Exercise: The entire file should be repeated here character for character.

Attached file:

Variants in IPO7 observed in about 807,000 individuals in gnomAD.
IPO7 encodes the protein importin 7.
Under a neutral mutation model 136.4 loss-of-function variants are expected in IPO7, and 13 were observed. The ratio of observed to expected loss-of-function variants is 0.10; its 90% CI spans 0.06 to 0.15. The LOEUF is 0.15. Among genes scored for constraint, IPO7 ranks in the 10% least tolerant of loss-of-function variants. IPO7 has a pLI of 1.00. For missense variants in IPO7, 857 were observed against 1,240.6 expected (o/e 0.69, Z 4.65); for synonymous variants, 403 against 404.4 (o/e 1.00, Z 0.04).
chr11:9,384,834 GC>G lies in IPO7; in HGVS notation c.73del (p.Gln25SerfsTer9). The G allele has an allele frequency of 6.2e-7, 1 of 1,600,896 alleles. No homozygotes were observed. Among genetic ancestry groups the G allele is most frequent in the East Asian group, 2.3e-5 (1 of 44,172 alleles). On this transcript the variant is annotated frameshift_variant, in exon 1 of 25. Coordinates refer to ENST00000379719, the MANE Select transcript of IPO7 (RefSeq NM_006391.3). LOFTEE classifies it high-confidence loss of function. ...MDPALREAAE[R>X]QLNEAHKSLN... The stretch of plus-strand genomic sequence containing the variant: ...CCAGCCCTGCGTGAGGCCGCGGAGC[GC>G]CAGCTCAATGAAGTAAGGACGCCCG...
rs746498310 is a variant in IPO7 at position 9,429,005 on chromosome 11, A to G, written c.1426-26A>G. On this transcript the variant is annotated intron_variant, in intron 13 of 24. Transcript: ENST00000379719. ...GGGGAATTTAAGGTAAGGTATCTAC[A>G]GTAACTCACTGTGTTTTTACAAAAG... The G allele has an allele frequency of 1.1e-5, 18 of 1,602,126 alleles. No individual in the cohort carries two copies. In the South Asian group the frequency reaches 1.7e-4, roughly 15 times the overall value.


Variants in IPO7 observed in about 807,000 individuals in gnomAD.
IPO7 encodes the protein importin 7.
Under a neutral mutation model 136.4 loss-of-function variants are expected in IPO7, and 13 were observed. The ratio of observed to expected loss-of-function variants is 0.10; its 90% CI spans 0.06 to 0.15. The LOEUF is 0.15. Among genes scored for constraint, IPO7 ranks in the 10% least tolerant of loss-of-function variants. IPO7 has a pLI of 1.00. For missense variants in IPO7, 857 were observed against 1,240.6 expected (o/e 0.69, Z 4.65); for synonymous variants, 403 against 404.4 (o/e 1.00, Z 0.04).
chr11:9,384,834 GC>G lies in IPO7; in HGVS notation c.73del (p.Gln25SerfsTer9). The G allele has an allele frequency of 6.2e-7, 1 of 1,600,896 alleles. No homozygotes were observed. Among genetic ancestry groups the G allele is most frequent in the East Asian group, 2.3e-5 (1 of 44,172 alleles). On this transcript the variant is annotated frameshift_variant, in exon 1 of 25. Coordinates refer to ENST00000379719, the MANE Select transcript of IPO7 (RefSeq NM_006391.3). LOFTEE classifies it high-confidence loss of function. ...MDPALREAAE[R>X]QLNEAHKSLN... The stretch of plus-strand genomic sequence containing the variant: ...CCAGCCCTGCGTGAGGCCGCGGAGC[GC>G]CAGCTCAATGAAGTAAGGACGCCCG...
rs746498310 is a variant in IPO7 at position 9,429,005 on chromosome 11, A to G, written c.1426-26A>G. On this transcript the variant is annotated intron_variant, in intron 13 of 24. Transcript: ENST00000379719. ...GGGGAATTTAAGGTAAGGTATCTAC[A>G]GTAACTCACTGTGTTTTTACAAAAG... The G allele has an allele frequency of 1.1e-5, 18 of 1,602,126 alleles. No individual in the cohort carries two copies. In the South Asian group the frequency reaches 1.7e-4, roughly 15 times the overall value.